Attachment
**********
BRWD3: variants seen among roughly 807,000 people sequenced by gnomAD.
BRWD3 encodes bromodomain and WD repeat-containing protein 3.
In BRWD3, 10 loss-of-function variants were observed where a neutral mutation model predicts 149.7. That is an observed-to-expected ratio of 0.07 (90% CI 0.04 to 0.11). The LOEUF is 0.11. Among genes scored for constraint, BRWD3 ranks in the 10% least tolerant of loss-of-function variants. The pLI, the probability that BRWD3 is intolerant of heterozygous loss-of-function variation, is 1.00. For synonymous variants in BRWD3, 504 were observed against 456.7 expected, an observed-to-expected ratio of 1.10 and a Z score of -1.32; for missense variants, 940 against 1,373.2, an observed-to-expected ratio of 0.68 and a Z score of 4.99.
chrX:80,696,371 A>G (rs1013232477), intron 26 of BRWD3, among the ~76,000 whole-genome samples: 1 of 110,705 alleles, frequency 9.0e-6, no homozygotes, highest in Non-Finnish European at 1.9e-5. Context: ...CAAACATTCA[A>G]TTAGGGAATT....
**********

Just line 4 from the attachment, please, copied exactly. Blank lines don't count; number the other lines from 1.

chrX:80,696,371 A>G (rs1013232477), intron 26 of BRWD3, among the ~76,000 whole-genome samples: 1 of 110,705 alleles, frequency 9.0e-6, no homozygotes, highest in Non-Finnish European at 1.9e-5. Context: ...CAAACATTCA[A>G]TTAGGGAATT....